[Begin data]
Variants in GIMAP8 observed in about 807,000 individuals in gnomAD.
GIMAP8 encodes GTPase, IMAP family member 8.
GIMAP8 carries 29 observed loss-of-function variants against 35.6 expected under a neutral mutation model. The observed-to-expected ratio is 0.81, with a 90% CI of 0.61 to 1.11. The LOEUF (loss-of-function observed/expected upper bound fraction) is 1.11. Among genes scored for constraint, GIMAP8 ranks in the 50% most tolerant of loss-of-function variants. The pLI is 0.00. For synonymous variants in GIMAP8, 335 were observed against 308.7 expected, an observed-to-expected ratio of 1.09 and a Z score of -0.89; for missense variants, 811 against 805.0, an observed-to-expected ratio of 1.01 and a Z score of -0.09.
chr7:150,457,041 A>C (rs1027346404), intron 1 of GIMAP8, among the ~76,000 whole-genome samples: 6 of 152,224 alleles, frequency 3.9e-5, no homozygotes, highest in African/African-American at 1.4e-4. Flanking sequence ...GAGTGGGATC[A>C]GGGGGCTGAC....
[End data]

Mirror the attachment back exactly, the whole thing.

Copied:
Variants in GIMAP8 observed in about 807,000 individuals in gnomAD.
GIMAP8 encodes GTPase, IMAP family member 8.
GIMAP8 carries 29 observed loss-of-function variants against 35.6 expected under a neutral mutation model. The observed-to-expected ratio is 0.81, with a 90% CI of 0.61 to 1.11. The LOEUF (loss-of-function observed/expected upper bound fraction) is 1.11. Among genes scored for constraint, GIMAP8 ranks in the 50% most tolerant of loss-of-function variants. The pLI is 0.00. For synonymous variants in GIMAP8, 335 were observed against 308.7 expected, an observed-to-expected ratio of 1.09 and a Z score of -0.89; for missense variants, 811 against 805.0, an observed-to-expected ratio of 1.01 and a Z score of -0.09.
chr7:150,457,041 A>C (rs1027346404), intron 1 of GIMAP8, among the ~76,000 whole-genome samples: 6 of 152,224 alleles, frequency 3.9e-5, no homozygotes, highest in African/African-American at 1.4e-4. Flanking sequence ...GAGTGGGATC[A>C]GGGGGCTGAC....